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I want to settle the calcium issue in my mind. I wrote a blog in June, but I kept reading more. Here is some of what I have learned:
• Asian and African cultures with low calcium intake (300 mg daily) have little osteoporosis.
• Vitamin K2 is necessary to prevent bone loss and most healthy adults are deficient.
• A study from Holland revealed a relationship between K2 and a lower incidence of calcification of arteries.
• K2 deficiency causes calcium to not be deposited in bones where it belongs but to be deposited in arteries, in soft tissues (including breast and kidneys), in feet as heel spurs.
• Calcification of arteries to the brain is felt to be a component of Alzheimer’s Disease. About 25% of people who have a particular genetic risk for developing Alzheimer’s Disease all have low levels of Vitamin K.
• The problem is not too much calcium, it’s not enough magnesium. Magnesium keeps calcium dissolved in the blood stream and in urine.
• If you don’t have enough magnesium you can experience muscle spasms, fibromyalgia, hardening of the arteries, or dental cavities. Too much calcium and not enough magnesium in the kidneys can lead to kidney stones.
• Magnesium has more to do with bone density than calcium.
• Magnesium relaxes the muscles; calcium tightens the muscles.
• High calcium levels interfere with Vitamin D and its role in preventing viral infections and cancer.
• Vitamin D3 may be better than other forms
• The classic Calcium:Magnesium ratio is 2:1, but some research shows that it should be 1:1.
• Acid substances tighten; while alkaline substances relax. Magnesium is alkaline and relaxes the tension, stiffness, and spasms, as well as headaches, muscle cramps, constipation, and heart palpitations.
Aaargh! The internet gives too much information. I can’t absorb it all, and I don’t know what to believe when statistics are in conflict.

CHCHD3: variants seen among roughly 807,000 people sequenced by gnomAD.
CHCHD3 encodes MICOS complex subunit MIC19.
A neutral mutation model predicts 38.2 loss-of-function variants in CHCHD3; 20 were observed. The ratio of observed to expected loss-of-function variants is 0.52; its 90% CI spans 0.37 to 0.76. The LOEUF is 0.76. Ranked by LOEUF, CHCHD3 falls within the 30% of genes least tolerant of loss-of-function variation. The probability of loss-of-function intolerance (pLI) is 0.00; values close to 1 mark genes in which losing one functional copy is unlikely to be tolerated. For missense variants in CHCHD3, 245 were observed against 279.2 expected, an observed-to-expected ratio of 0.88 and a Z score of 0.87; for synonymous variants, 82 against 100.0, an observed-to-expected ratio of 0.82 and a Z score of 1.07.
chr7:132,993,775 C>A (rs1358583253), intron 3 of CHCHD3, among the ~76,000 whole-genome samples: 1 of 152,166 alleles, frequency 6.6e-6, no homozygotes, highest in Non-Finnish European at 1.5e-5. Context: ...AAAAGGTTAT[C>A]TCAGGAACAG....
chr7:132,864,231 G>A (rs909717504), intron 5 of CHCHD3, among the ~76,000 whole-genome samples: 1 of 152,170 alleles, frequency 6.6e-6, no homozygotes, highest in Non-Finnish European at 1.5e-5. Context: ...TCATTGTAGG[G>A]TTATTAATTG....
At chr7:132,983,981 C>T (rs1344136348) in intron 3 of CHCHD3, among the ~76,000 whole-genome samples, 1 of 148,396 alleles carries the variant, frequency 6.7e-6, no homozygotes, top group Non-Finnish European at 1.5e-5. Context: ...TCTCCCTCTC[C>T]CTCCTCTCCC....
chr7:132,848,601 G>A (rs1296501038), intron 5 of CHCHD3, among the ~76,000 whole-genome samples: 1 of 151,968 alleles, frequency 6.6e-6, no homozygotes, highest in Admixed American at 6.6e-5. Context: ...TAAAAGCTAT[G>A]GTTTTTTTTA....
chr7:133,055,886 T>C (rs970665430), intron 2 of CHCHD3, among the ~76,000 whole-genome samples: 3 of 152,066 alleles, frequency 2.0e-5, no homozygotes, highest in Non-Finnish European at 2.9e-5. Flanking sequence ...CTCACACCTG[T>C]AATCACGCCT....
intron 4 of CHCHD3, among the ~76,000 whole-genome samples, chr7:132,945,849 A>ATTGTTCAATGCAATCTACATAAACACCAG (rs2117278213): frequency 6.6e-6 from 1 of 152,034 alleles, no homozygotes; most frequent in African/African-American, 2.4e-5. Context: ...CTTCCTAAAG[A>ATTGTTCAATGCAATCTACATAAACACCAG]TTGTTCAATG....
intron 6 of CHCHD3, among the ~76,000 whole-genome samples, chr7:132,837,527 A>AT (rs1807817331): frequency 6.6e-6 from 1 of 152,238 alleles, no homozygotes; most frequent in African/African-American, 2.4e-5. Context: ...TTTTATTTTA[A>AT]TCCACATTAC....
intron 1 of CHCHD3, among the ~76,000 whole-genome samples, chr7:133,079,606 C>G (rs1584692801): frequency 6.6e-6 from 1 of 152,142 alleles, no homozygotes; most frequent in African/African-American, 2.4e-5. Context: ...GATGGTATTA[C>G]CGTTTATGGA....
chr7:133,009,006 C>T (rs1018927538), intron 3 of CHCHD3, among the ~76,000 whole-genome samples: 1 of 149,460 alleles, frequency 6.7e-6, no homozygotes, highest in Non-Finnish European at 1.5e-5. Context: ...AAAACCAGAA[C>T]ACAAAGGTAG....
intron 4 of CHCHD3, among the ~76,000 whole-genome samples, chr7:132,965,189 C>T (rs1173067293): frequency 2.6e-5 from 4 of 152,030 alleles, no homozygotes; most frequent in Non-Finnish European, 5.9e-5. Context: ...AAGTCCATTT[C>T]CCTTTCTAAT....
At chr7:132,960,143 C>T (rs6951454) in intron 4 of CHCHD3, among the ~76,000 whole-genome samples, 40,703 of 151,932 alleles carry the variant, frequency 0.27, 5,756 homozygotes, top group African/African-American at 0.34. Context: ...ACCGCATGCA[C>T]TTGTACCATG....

Everyone my age worries about Alzheimer’s. Every woman my age is concerned about bone loss.
I am particularly interested in the idea of calcium in breast tissue, because my mammogram shows this. I blogged several years ago about being called back for a second screening when a doctor was worried about calcium deposits.
I decided to experiment with myself. I have been taking a lot of calcium at a 2:1 ratio. I’ve cut my calcium back to just under 1,000 mg per day. I changed the ratio to 4:3. I’ve ordered some K2, but it’s not here yet.
At first the results were not encouraging.
I’ve had muscle cramps in the night and a crick in my neck. Is this because I’m not getting enough calcium or because after years of getting too much my body automatically discards minerals? I’ve had a slight metallic taste in my mouth. Is that because I’m taking too much magnesium or because unnecessary minerals are leaving my tissues?
I’m going to give my body a week or so to adjust. I also want to see how the K2 works into the mix. I may switch to Magnesium Malate. I’ve read interesting things about how it is absorbed.
Knowing that every Blood Type has different needs and within the Types different people have different requirements, I’m working to come up with a plan that is better for me than what I have been doing.
I nursed a lot more on that side- I'm right handed and it was easier for me to nurse on the left while doing things with my right hand (such as playing on the computer.) My son weaned from the right breast about 2 years before he weaned completely. I nursed for over 6 years on the left breast (all my kids combined) and about 4 years on the right.
After doing some online research, I discovered that calcium deposits are common in the breasts of women who nursed long-term. It's just "rare" in America for doctors to see that because few American women breastfeed for longer than a year or two total.
I've been using transdermal magnesium oil for over a year. I'm curious if the calcium deposits have shrunk or disappeared, but not curious enough to schedule a test that I don't need.
Type O - 5:1 (magnesium citrate)
Type A - 5:1 (magnesium citrate)
Type B - about 3:1 (magnesium oxide)
Type AB - 2:1 (magnesium oxide)
My Google research indicates that magnesium oxide is NOT absorbed well by the body.
Phytocal for O and B also contain Vitamin K1 (phytonadione) but no K2. Hmm ...
Very interesting information Brett. Thank you for posting it!
The thing that perplexes me is that if I was taking 5:1 calcium:magnesium I would be hopelessly constipated.
Dr. D always has a reason for everything...I'm just wondering what it is...
Dr. D promises that his Maerl calcium is better absorbed by the body than other calcium supplements, which (I'm guessing) might mean it's less likely to cause constipation.
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